Superintendent’s Association Selects Pete Dye for Old Tom Morris Award

In late-October 2002, widely respected golf course architect Pete Dye has been selected to receive the 2003 Old Tom Morris Award from the Golf Course Superintendents Association of America (GCSAA). The award presentation will take place at the GCSAA Dinner Show, Saturday, Feb. 15, during the association's 74th International Golf Course Conference and Show, Feb. 10-15, in Atlanta.

GCSAA's most prestigious honor, the Old Tom Morris Award, is presented each year to an individual who "through a continuing lifetime commitment to the game of golf has helped to mold the welfare of the game in a manner and style exemplified by Old Tom Morris." Morris (1821-1908) was greenkeeper and golf professional at the St. Andrews Links Trust Golf Club of St. Andrews, Scotland; a four-time winner of the British Open (1861, '62, '64 and '67); and ranked as one of the top links designers of the 19th Century.

Dye, a member and past president of the American Society of Golf Course Architects (ASGCA), has designed some of the country's truly unique and challenging golf courses. Influenced by classical Scottish course design, he has created courses that combine those teachings with modern design.

Dye has to his credit course layouts such as The Tournament Players Club at Sawgrass, Ponte Vedra Beach, Fla.; Crooked Stick Golf Club, Carmel, Ind.; The Ocean Course, Kiawah, S.C.; The Honors Golf Club, Chattanooga, Tenn.; Brickyard Crossing, Indianapolis, Ind.; and Old Marsh, North Palm Beach, Fla. These and others have set him apart from his peers as a true innovator in golf course architecture. Known for island greens, tiny pot bunkers and the use of railroad ties in bulkhead construction, Dye's golf course designs provide some of the most enjoyable challenges in golf.

"Pete Dye has been an innovator in golf course design," GCSAA president Michael Wallace, CGCS, said. "His passion for the game and his desire to provide a challenging and enjoyable experience for the golfer certainly warrants GCSAA's recognition through presentation of the Old Tom Morris Award."

Dye joins a list of highly respected past honorees, including Arnold Palmer, Tom Watson, Robert Trent Jones, Sr., Tom Fazio, Gerald Ford, Bob Hope, Byron Nelson, Ken Venturi, Ben Crenshaw, Jaime Ortiz-Patiño, Nancy Lopez, Tim Finchem and Walter Woods.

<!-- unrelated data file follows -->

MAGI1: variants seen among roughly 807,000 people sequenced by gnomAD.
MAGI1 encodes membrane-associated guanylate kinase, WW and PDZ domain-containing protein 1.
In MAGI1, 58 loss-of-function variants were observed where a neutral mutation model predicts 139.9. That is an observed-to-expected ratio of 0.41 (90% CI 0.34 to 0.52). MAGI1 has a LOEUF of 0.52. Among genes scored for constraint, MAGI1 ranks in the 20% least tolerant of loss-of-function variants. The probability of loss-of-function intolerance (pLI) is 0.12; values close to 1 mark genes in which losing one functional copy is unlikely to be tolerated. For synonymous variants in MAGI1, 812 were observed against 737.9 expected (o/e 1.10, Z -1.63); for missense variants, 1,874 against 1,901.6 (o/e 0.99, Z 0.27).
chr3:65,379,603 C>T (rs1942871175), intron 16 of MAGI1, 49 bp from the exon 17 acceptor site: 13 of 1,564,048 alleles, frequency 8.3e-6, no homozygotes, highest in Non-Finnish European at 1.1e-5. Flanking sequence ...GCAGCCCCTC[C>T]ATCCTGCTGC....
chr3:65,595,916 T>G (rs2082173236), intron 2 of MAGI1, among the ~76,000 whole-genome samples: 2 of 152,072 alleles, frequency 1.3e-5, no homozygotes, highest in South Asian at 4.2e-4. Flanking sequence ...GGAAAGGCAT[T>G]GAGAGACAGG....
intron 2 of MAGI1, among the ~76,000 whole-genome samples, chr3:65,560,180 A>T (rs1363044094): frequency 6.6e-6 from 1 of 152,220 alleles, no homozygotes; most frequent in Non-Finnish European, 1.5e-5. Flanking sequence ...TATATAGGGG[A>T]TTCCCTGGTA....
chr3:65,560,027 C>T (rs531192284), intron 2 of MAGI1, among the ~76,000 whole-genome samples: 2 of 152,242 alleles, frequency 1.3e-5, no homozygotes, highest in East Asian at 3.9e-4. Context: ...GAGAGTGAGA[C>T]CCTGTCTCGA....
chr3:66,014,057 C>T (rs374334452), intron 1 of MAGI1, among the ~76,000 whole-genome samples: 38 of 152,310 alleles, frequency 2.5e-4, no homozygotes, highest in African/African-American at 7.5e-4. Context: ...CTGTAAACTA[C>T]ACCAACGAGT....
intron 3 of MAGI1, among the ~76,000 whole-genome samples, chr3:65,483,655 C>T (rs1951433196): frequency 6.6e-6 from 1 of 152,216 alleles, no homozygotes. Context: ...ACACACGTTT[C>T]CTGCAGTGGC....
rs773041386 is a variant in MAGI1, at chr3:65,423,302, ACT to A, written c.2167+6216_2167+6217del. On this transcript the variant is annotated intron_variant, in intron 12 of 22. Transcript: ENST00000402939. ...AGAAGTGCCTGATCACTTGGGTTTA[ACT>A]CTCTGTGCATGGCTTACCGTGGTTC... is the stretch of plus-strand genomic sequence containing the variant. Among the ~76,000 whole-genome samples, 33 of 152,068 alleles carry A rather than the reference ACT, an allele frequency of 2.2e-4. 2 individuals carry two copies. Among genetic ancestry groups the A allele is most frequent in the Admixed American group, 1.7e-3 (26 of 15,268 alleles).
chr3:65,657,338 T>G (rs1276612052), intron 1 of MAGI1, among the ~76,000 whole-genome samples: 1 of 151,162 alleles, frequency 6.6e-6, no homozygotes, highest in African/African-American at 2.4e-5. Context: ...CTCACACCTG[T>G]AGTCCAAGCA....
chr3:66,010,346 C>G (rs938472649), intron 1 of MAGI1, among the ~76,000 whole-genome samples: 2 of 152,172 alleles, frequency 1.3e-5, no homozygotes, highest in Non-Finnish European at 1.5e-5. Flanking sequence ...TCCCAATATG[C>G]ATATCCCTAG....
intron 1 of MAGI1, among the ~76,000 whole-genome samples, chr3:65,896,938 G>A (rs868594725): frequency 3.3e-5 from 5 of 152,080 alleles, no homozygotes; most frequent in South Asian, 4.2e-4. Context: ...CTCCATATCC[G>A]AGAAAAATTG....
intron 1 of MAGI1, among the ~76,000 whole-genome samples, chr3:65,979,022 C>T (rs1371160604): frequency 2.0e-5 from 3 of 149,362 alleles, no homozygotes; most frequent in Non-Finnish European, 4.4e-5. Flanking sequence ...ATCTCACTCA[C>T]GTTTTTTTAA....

Since 1926, the GCSAA has been the leading professional association for the men and women who manage and maintain golf facilities in the United States and worldwide. From its headquarters in Lawrence, Kan., the association provides education, information and representation to more than 22,000 individual members in more than 65 countries. GCSAA's mission is to serve its members, advance their profession and enhance the enjoyment, growth and vitality of the game of golf.

Previous Old Tom Morris Award Winners

1983 – Arnold Palmer
1984 – Bob Hope
1985 – Gerald Ford
1986 – Patty Berg
1987 – Robert Trent Jones, Sr.
1988 – Gene Sarazen
1989 – Chi Chi Rodriguez
1990 – Sherwood Moore, CGCS
1991 – William C. Campbell
1992 – Tom Watson
1993 – Dinah Shore
1994 – Byron Nelson
1995 – Dr. James R. Watson
1996 – Tom Fazio
1997 – Ben Crenshaw
1998 – Ken Venturi
1999 – Jaime Ortiz-Patiño
2000 – Nancy Lopez
2001 – Tim Finchem
2002 – Walter Woods

[Note: The title "CGCS," after a superintendent's name, stands for Certified Golf Course Superintendent, which recognizes the achievement of high standards of professionalism through education and experience.]

Quotes from Previous Old Tom Morris Award Winners

Ken Venturi: "I won the PGA player of the year, rookie of the year, comeback player of the year, but this is the most important because I want people to have respect for this game. This is tradition."

Ben Crenshaw: "I'm just so honored. The Old Tom Morris Award and the Bobby Jones Award will always mean the most to me. I've always thought superintendents were underappreciated as a body. They do such a good job, and many times they are just taken for granted. Without a doubt, the most important person on the course is the person who takes care of it."

Byron Nelson: "I think the job the superintendents have done is the biggest improvement in golf today. The demands have caused it, yes, but also the education that the superintendents have now in agronomy and such (is critical). What I like is that golf course management has become so good universally."

Tom Watson: "In this day and age, a golf course superintendent must be an educator, scientist, agronomist, economist and a good people manager. If you put all this together with a love for a piece of earth, then you've got a good golf course superintendent."

Robert Trent Jones Sr: "To golf course superintendents around the world I owe a great debt, and every architect owes a great debt. We can only continue to provide these great golf facilities with well-educated professionals to maintain them."

Patty Berg: "Personally, I am fascinated to watch the progress that has been made by golf course superintendents in general. I will never stop being amazed at some of the things the superintendents are doing to continually upgrade their product. Just like doctors and lawyers, golf course superintendents are professionals in every sense of the word."

Arnold Palmer: "It's all very different (than the days of when his father was superintendent at Latrobe Country Club). Today, I see the superintendent as a much more visible, important person – one who is pointed at more often. He's under constant pressure to keep the course in top condition. It's tough, because you can't please everyone."